Sampling - trial of product

Point-of-Purchase promotion - in store promotions

The tools selected for sales promotion must suit the objectives to ensure success of the overall promotion plan.
Public relations
The element in the promotional mix that: - - identifies issues of public concern, - executes programs to gain public acceptance

Marketing managers plan public relations campaigns that fit into the overall marketing plans and focus on targeted audiences.

Publicity is the effort to capture media attention and is initiated through a press release that furthers the public relations plans.
The function of public relations
-Maintain a positive image

-Educate the public about the company's objectives

-Introduce new products

-Support the sales effort

-generate favorable publicity

Nothing sells a product better than free publicity, but publicity should not be viewed as free.

Preparing news releases, staging events, persuading media personnel to print or broadcast them costs money.
Types of public relations
Press relations - newsworthy information

New product publicity - capture media attention

Corporate communication - company websites, newsletters

Public affairs


employee and investor relations

Crisis management
Digital media
Has turned communication on its head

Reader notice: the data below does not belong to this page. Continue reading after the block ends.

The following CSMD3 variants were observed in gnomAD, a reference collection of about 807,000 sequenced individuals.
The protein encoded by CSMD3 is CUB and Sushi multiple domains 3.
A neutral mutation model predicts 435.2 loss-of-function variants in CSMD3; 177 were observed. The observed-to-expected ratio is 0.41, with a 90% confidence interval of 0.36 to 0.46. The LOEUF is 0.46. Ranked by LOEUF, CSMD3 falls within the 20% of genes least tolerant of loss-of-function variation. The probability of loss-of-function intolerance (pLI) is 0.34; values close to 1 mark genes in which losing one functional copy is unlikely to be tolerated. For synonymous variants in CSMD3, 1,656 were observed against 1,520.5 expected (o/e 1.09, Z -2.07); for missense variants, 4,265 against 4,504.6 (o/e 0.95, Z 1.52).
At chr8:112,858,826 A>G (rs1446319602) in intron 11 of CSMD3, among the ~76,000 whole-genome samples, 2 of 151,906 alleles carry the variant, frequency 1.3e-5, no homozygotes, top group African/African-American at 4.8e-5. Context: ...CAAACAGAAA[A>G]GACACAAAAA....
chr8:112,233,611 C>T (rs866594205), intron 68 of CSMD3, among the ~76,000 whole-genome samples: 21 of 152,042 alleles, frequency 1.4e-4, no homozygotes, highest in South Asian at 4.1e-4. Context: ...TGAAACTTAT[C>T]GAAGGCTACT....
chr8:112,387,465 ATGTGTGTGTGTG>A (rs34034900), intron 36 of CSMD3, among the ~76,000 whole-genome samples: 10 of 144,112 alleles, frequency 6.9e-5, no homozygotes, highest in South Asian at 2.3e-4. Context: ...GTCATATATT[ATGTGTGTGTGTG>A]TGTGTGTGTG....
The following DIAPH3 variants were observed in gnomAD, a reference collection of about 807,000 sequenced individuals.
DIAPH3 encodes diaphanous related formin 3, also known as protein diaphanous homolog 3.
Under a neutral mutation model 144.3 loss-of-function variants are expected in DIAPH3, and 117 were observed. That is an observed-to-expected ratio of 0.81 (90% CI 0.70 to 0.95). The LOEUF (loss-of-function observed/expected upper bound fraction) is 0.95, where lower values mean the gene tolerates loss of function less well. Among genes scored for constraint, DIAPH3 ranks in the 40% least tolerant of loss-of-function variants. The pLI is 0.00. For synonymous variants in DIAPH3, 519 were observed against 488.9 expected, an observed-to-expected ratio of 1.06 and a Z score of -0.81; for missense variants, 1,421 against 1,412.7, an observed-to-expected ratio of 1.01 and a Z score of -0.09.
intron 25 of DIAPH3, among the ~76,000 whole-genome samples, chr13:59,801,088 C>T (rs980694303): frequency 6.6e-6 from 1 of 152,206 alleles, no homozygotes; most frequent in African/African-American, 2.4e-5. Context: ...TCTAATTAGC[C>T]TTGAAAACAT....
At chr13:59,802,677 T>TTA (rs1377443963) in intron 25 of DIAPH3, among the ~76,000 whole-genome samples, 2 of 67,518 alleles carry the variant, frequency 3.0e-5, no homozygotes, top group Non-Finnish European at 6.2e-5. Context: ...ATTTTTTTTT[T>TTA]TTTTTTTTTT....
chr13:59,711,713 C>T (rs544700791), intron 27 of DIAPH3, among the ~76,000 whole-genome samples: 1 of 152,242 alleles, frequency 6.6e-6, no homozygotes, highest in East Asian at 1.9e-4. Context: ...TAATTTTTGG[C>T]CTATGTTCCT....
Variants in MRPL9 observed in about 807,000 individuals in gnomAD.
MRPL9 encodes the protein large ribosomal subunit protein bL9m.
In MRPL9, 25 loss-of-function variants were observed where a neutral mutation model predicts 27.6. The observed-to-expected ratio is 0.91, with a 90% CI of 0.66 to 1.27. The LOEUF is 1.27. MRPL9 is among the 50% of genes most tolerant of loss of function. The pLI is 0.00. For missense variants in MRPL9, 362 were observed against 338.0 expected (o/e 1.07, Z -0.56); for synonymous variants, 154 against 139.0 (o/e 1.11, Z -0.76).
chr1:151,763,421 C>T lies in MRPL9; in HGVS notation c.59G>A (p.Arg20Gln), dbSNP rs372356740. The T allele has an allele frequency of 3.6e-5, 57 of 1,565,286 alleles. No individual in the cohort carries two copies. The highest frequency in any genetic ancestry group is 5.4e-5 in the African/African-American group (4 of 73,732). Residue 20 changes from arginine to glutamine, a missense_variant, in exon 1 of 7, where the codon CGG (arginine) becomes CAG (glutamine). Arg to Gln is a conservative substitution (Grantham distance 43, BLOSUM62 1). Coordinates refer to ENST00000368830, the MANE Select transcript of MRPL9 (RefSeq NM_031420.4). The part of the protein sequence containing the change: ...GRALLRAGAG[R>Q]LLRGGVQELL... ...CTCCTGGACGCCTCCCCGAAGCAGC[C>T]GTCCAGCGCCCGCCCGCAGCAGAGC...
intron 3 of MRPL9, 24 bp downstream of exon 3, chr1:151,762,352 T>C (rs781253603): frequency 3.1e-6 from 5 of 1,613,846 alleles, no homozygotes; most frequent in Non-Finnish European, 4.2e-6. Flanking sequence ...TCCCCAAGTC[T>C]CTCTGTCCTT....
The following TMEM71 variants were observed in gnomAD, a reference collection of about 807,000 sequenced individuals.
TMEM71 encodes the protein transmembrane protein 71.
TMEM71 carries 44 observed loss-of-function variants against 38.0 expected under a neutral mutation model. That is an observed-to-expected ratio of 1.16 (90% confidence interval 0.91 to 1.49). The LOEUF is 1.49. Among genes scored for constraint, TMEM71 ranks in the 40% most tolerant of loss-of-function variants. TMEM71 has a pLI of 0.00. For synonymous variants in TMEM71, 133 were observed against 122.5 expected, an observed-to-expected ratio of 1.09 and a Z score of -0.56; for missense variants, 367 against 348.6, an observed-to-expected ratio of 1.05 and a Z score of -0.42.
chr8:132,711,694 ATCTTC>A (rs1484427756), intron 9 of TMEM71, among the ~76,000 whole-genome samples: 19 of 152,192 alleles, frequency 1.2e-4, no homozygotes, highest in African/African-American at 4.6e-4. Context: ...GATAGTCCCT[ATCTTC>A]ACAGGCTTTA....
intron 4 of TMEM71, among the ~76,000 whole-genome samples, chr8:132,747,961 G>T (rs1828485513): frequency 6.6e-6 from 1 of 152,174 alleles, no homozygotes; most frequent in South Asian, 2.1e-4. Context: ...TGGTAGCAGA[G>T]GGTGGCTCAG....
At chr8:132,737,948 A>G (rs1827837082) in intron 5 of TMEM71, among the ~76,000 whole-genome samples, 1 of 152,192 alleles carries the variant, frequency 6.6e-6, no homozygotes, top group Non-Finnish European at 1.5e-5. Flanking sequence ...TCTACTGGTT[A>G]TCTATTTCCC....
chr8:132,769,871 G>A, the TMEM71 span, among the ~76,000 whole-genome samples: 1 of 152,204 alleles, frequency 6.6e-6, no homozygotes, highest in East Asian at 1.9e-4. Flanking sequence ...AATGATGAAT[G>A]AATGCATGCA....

what are social media
Any tool or service that uses the internet to facilitate conversations
The listening system
The first action a marketing team should taken when initiating a social media campaign is simple:
Social Media Objectives
Listen and learn, build relationships and awareness, promote products and services, manage your reputation, improve customer service
Listen and learn
Monitor what is being said about the brand. Develop a listening strategy
Build relationships and awareness
Open dialogues with stakeholders. Answer customer questions candidly
Promote products and services
Get customers talking about products and services
Manage your reputation
Respond to comments and criticisms. Participate in forums and discussions
Improve customer service
Seek out displeased customers and engage them directly to solve issues
Categories of Social Media Users
Creators - produce and share online content